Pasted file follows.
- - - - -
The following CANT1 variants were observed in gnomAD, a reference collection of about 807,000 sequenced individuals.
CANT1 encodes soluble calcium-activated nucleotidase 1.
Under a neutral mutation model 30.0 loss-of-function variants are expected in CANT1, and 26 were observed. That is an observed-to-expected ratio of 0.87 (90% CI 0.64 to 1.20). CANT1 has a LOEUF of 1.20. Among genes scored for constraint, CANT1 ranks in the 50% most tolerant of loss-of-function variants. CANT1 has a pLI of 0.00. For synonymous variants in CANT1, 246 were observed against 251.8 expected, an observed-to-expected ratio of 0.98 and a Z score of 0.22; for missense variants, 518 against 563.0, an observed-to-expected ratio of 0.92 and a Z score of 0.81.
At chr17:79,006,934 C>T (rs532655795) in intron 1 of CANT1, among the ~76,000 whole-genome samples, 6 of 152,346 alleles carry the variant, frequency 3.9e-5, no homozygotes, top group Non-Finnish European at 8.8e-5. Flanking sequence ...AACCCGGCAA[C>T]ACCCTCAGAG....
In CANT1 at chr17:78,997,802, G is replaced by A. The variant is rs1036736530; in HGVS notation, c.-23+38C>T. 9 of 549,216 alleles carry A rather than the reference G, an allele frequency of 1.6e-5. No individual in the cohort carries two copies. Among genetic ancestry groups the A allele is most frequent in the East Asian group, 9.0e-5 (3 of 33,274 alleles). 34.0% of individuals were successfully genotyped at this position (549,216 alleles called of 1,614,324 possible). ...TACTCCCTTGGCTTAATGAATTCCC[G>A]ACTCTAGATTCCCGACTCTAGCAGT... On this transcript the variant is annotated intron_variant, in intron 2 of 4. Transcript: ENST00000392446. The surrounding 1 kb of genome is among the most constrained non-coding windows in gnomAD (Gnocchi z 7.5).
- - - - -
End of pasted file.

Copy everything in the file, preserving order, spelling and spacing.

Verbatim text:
The following CANT1 variants were observed in gnomAD, a reference collection of about 807,000 sequenced individuals.
CANT1 encodes soluble calcium-activated nucleotidase 1.
Under a neutral mutation model 30.0 loss-of-function variants are expected in CANT1, and 26 were observed. That is an observed-to-expected ratio of 0.87 (90% CI 0.64 to 1.20). CANT1 has a LOEUF of 1.20. Among genes scored for constraint, CANT1 ranks in the 50% most tolerant of loss-of-function variants. CANT1 has a pLI of 0.00. For synonymous variants in CANT1, 246 were observed against 251.8 expected, an observed-to-expected ratio of 0.98 and a Z score of 0.22; for missense variants, 518 against 563.0, an observed-to-expected ratio of 0.92 and a Z score of 0.81.
At chr17:79,006,934 C>T (rs532655795) in intron 1 of CANT1, among the ~76,000 whole-genome samples, 6 of 152,346 alleles carry the variant, frequency 3.9e-5, no homozygotes, top group Non-Finnish European at 8.8e-5. Flanking sequence ...AACCCGGCAA[C>T]ACCCTCAGAG....
In CANT1 at chr17:78,997,802, G is replaced by A. The variant is rs1036736530; in HGVS notation, c.-23+38C>T. 9 of 549,216 alleles carry A rather than the reference G, an allele frequency of 1.6e-5. No individual in the cohort carries two copies. Among genetic ancestry groups the A allele is most frequent in the East Asian group, 9.0e-5 (3 of 33,274 alleles). 34.0% of individuals were successfully genotyped at this position (549,216 alleles called of 1,614,324 possible). ...TACTCCCTTGGCTTAATGAATTCCC[G>A]ACTCTAGATTCCCGACTCTAGCAGT... On this transcript the variant is annotated intron_variant, in intron 2 of 4. Transcript: ENST00000392446. The surrounding 1 kb of genome is among the most constrained non-coding windows in gnomAD (Gnocchi z 7.5).